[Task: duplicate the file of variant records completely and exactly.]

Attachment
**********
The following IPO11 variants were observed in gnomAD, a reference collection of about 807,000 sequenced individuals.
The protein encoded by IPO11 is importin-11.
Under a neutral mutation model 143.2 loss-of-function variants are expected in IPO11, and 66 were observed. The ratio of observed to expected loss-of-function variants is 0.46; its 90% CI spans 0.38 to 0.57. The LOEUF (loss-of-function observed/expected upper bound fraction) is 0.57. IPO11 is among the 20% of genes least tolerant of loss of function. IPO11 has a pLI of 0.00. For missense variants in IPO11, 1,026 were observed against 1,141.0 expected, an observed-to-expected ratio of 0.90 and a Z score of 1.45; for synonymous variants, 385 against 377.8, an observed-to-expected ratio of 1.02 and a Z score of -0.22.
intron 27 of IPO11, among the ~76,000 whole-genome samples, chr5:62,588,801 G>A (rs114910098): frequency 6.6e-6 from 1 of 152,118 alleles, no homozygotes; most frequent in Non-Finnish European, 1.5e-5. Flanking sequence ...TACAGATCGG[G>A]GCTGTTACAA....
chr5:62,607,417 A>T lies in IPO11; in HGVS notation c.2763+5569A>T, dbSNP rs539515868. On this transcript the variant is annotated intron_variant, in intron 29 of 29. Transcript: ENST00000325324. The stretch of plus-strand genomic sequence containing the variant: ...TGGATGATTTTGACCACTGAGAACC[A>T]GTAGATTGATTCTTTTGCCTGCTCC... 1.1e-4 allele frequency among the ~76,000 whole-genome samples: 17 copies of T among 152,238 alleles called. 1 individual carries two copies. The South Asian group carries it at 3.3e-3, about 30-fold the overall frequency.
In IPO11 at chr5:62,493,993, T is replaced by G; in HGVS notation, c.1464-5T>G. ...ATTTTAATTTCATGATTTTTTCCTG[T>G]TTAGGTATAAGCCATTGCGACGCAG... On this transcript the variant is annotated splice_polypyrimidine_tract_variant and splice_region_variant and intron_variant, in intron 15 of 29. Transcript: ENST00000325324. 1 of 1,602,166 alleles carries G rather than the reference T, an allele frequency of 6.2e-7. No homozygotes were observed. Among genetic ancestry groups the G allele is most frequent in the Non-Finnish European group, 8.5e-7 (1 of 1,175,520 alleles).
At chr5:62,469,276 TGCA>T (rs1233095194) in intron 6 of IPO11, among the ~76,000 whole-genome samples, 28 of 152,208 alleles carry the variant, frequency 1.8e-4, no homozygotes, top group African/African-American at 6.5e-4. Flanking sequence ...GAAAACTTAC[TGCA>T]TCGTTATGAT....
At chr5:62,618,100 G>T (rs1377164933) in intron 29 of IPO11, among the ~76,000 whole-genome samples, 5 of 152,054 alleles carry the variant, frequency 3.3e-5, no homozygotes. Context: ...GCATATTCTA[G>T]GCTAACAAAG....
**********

The following IPO11 variants were observed in gnomAD, a reference collection of about 807,000 sequenced individuals.
The protein encoded by IPO11 is importin-11.
Under a neutral mutation model 143.2 loss-of-function variants are expected in IPO11, and 66 were observed. The ratio of observed to expected loss-of-function variants is 0.46; its 90% CI spans 0.38 to 0.57. The LOEUF (loss-of-function observed/expected upper bound fraction) is 0.57. IPO11 is among the 20% of genes least tolerant of loss of function. IPO11 has a pLI of 0.00. For missense variants in IPO11, 1,026 were observed against 1,141.0 expected, an observed-to-expected ratio of 0.90 and a Z score of 1.45; for synonymous variants, 385 against 377.8, an observed-to-expected ratio of 1.02 and a Z score of -0.22.
intron 27 of IPO11, among the ~76,000 whole-genome samples, chr5:62,588,801 G>A (rs114910098): frequency 6.6e-6 from 1 of 152,118 alleles, no homozygotes; most frequent in Non-Finnish European, 1.5e-5. Flanking sequence ...TACAGATCGG[G>A]GCTGTTACAA....
chr5:62,607,417 A>T lies in IPO11; in HGVS notation c.2763+5569A>T, dbSNP rs539515868. On this transcript the variant is annotated intron_variant, in intron 29 of 29. Transcript: ENST00000325324. The stretch of plus-strand genomic sequence containing the variant: ...TGGATGATTTTGACCACTGAGAACC[A>T]GTAGATTGATTCTTTTGCCTGCTCC... 1.1e-4 allele frequency among the ~76,000 whole-genome samples: 17 copies of T among 152,238 alleles called. 1 individual carries two copies. The South Asian group carries it at 3.3e-3, about 30-fold the overall frequency.
In IPO11 at chr5:62,493,993, T is replaced by G; in HGVS notation, c.1464-5T>G. ...ATTTTAATTTCATGATTTTTTCCTG[T>G]TTAGGTATAAGCCATTGCGACGCAG... On this transcript the variant is annotated splice_polypyrimidine_tract_variant and splice_region_variant and intron_variant, in intron 15 of 29. Transcript: ENST00000325324. 1 of 1,602,166 alleles carries G rather than the reference T, an allele frequency of 6.2e-7. No homozygotes were observed. Among genetic ancestry groups the G allele is most frequent in the Non-Finnish European group, 8.5e-7 (1 of 1,175,520 alleles).
At chr5:62,469,276 TGCA>T (rs1233095194) in intron 6 of IPO11, among the ~76,000 whole-genome samples, 28 of 152,208 alleles carry the variant, frequency 1.8e-4, no homozygotes, top group African/African-American at 6.5e-4. Flanking sequence ...GAAAACTTAC[TGCA>T]TCGTTATGAT....
At chr5:62,618,100 G>T (rs1377164933) in intron 29 of IPO11, among the ~76,000 whole-genome samples, 5 of 152,054 alleles carry the variant, frequency 3.3e-5, no homozygotes. Context: ...GCATATTCTA[G>T]GCTAACAAAG....